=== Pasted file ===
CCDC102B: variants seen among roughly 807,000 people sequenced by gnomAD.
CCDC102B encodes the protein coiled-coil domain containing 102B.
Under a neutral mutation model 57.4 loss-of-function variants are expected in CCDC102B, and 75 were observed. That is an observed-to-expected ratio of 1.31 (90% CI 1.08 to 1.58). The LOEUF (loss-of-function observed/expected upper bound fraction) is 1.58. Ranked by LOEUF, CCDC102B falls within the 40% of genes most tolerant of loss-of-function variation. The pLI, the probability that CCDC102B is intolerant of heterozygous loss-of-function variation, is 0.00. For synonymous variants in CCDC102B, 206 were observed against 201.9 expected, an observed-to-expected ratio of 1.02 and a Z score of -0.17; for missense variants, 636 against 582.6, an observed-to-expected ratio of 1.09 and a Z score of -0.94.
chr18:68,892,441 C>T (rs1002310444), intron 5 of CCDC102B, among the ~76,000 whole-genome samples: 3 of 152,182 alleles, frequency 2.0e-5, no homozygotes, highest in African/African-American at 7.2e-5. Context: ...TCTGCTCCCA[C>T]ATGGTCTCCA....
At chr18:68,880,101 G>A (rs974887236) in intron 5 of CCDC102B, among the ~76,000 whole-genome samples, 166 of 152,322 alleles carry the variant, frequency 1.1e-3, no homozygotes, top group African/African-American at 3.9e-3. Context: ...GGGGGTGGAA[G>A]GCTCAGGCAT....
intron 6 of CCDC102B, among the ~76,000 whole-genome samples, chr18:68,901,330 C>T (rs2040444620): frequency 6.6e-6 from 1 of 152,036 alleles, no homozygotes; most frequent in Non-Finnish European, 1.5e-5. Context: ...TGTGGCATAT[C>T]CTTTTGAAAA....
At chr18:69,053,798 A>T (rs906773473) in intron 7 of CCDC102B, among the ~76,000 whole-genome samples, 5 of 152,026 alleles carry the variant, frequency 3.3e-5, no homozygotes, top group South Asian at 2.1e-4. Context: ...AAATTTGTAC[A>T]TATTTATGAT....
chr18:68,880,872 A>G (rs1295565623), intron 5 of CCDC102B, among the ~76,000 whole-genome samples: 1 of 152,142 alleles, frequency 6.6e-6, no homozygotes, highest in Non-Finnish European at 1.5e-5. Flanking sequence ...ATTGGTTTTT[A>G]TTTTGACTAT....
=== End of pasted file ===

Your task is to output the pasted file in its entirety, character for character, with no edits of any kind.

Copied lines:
CCDC102B: variants seen among roughly 807,000 people sequenced by gnomAD.
CCDC102B encodes the protein coiled-coil domain containing 102B.
Under a neutral mutation model 57.4 loss-of-function variants are expected in CCDC102B, and 75 were observed. That is an observed-to-expected ratio of 1.31 (90% CI 1.08 to 1.58). The LOEUF (loss-of-function observed/expected upper bound fraction) is 1.58. Ranked by LOEUF, CCDC102B falls within the 40% of genes most tolerant of loss-of-function variation. The pLI, the probability that CCDC102B is intolerant of heterozygous loss-of-function variation, is 0.00. For synonymous variants in CCDC102B, 206 were observed against 201.9 expected, an observed-to-expected ratio of 1.02 and a Z score of -0.17; for missense variants, 636 against 582.6, an observed-to-expected ratio of 1.09 and a Z score of -0.94.
chr18:68,892,441 C>T (rs1002310444), intron 5 of CCDC102B, among the ~76,000 whole-genome samples: 3 of 152,182 alleles, frequency 2.0e-5, no homozygotes, highest in African/African-American at 7.2e-5. Context: ...TCTGCTCCCA[C>T]ATGGTCTCCA....
At chr18:68,880,101 G>A (rs974887236) in intron 5 of CCDC102B, among the ~76,000 whole-genome samples, 166 of 152,322 alleles carry the variant, frequency 1.1e-3, no homozygotes, top group African/African-American at 3.9e-3. Context: ...GGGGGTGGAA[G>A]GCTCAGGCAT....
intron 6 of CCDC102B, among the ~76,000 whole-genome samples, chr18:68,901,330 C>T (rs2040444620): frequency 6.6e-6 from 1 of 152,036 alleles, no homozygotes; most frequent in Non-Finnish European, 1.5e-5. Context: ...TGTGGCATAT[C>T]CTTTTGAAAA....
At chr18:69,053,798 A>T (rs906773473) in intron 7 of CCDC102B, among the ~76,000 whole-genome samples, 5 of 152,026 alleles carry the variant, frequency 3.3e-5, no homozygotes, top group South Asian at 2.1e-4. Context: ...AAATTTGTAC[A>T]TATTTATGAT....
chr18:68,880,872 A>G (rs1295565623), intron 5 of CCDC102B, among the ~76,000 whole-genome samples: 1 of 152,142 alleles, frequency 6.6e-6, no homozygotes, highest in Non-Finnish European at 1.5e-5. Flanking sequence ...ATTGGTTTTT[A>G]TTTTGACTAT....